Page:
SMOE

Hey! I was just wondering how it was your first time teaching? And what did you do to prepare. I have no idea what to expect. Just hoping for little insight.

I was definitely nervous for my first class in Korea. Once I got to my school my CT gave me the...

Day 1 of English Camp. I did a pirate theme this time. For a...



Day 1 of English Camp. I did a pirate theme this time. For a snack we made some pirate ships out of apples and cheese. ^^ #summercamp #esl #korea #epik #smoe


Uh oh! They were too noisy. ㅋㅋㅋ #koreaschool #smoe #discipline



Uh oh! They were too noisy. ㅋㅋㅋ #koreaschool #smoe #discipline


Sneak Peek Korea – Halloween Madness!

Sneak Peek Korea is a video series in which I made videos into all the extra footage I get that doesn’t make it into a proper video, and is largely unedited! I film a lot of my life and want to share as much as I can with you, because you seem to like it! :) Before I would just scrap extra footage I didn’t think was good enough for it’s own video, but I hope to instead provide little sneak peeks of my life in Korea, unscripted. Let me know in the comments if you enjoy these kinds of videos!


Teaching Tips – Coupon Reward System

One of the things I really wanted to do this year was to create more teaching related content on our blog and youtube channel. In the beginning of the year I did a 5 part series about How to Make Your EPIK Job Awesome, which I hope you check out if you haven’t already! Since then I’ve done a few other teaching tips and videos about my summer camp. A lot of you have requested materials from my camp, so I am going to be working hard to start sharing materials with you all, starting with this post!


How to Make Your EPIK Job Awesome #5 – Don’t Sweat the Small Stuff!

This is part 5 in a 5 part series about how to make your EPIK job awesome! This final tip is an all-encompassing one: Don’t sweat the small stuff. Shake things off. Insert other cliche but true statements here. ;)


How to Make Your EPIK Job AWESOME #2 – Be Prepared for the Unexpected

This is the 2nd post in a 5-part series about how to make your EPIK job awesome! This one is really important. Doing your research into the culture before you come is vital to managing your expectations about the life you will have at your school. In general, but especially in regards to your job, it is important to be prepared for the unexpected. While in most situations there’s nothing you can do but accept it, there are a few tips I have to share that may alleviate some of the stress caused by last minute situations that can occur in your school.


How to Make Your EPIK Job Awesome #4 – Participate in Your School

This is the 4th part in a 5 part series about how to make your EPIK job awesome! Being an active participant in your school and having a good relationship with your coteacher(s) is so important. I really can’t stress this enough!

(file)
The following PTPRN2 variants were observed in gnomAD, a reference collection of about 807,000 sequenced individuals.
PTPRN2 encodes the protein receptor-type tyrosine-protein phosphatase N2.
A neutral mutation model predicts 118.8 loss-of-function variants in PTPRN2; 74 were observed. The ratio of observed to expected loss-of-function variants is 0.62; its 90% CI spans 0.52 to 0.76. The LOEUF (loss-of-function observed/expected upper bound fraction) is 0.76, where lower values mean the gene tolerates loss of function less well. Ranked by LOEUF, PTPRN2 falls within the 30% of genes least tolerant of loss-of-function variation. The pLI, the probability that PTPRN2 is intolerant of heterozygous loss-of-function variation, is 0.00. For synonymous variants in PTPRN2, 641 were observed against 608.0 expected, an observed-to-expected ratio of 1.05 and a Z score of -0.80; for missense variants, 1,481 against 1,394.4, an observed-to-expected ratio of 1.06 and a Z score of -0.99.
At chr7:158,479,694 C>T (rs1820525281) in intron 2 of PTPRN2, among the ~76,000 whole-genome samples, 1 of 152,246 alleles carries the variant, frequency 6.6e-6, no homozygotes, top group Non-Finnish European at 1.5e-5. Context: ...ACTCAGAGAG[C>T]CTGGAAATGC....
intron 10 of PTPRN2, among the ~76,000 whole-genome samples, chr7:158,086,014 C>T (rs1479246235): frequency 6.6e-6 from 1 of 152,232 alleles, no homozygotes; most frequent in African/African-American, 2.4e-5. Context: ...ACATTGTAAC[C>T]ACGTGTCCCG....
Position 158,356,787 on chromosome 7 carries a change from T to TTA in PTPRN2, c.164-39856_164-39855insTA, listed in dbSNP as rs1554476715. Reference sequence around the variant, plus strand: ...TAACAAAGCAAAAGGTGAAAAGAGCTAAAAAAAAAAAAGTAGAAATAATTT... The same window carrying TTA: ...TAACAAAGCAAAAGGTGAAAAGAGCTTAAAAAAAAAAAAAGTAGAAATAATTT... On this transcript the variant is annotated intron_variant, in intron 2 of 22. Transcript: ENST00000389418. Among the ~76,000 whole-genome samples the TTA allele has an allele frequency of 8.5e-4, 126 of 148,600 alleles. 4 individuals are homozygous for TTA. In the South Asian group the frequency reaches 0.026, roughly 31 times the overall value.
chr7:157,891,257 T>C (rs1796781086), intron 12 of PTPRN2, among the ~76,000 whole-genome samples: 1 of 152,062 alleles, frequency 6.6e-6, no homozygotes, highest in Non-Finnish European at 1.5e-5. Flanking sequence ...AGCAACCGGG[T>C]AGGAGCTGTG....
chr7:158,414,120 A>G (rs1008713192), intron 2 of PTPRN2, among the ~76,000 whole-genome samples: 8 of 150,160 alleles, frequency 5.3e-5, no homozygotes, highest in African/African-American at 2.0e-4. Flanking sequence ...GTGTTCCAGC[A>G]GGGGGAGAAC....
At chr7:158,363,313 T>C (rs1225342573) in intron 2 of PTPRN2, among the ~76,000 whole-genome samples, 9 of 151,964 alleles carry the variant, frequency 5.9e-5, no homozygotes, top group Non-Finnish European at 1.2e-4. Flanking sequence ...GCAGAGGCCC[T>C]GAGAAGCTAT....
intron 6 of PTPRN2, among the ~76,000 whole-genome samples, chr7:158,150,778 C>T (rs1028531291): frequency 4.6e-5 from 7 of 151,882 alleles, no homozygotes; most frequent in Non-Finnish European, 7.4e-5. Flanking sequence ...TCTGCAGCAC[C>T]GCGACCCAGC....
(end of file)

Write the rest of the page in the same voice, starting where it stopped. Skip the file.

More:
How to Make Your EPIK Job AWESOME! #1 – Use and Learn Korean Manners

This is my 3rd year of teaching public school – at the same school! I’ve loved my school from Day 1 and I feel so so so amazingly lucky to work here. You hear horror stories about public schools too, not just hagwons, so I basically won the Korean job lottery! Working at the same school has also given me the opportunity to observe and learn a lot more about the way Korean schools are run. Now that I’ve been at this school longer than many of my coworkers, I’ve also been able to compare how teachers treated me in my first year when I had no idea what I was doing, to now, as someone that can converse with them in Korean or English and adheres to Korean manners. This makes new teachers feel comfortable around me, and they see me as another respected staff member and not just “the foreigner”. This is so important in how you feel about your job and your time spent in Korea. I know it has made all the difference to me.


Korea vs. Thailand

Recently did a guest interview with Jason from Life After Cubes (a great blog by two Americans currently in South Korea, check it out!) about the differences between teaching English in South Korea (where I taught last year) and Thailand, where I am currently teaching. (Well kind of, the floods gave me two months of paid "vacation" right after I was hired but I finally get back to school on the 26th of this month, who ever thought you could tire of doing nothing? I am SOOO ready to get back to work!)

Check out the interview that Jason did (and kindly edited, my writing has really been hurting with all this time off!) and decide whether teaching in Seoul or Bangkok is for you!

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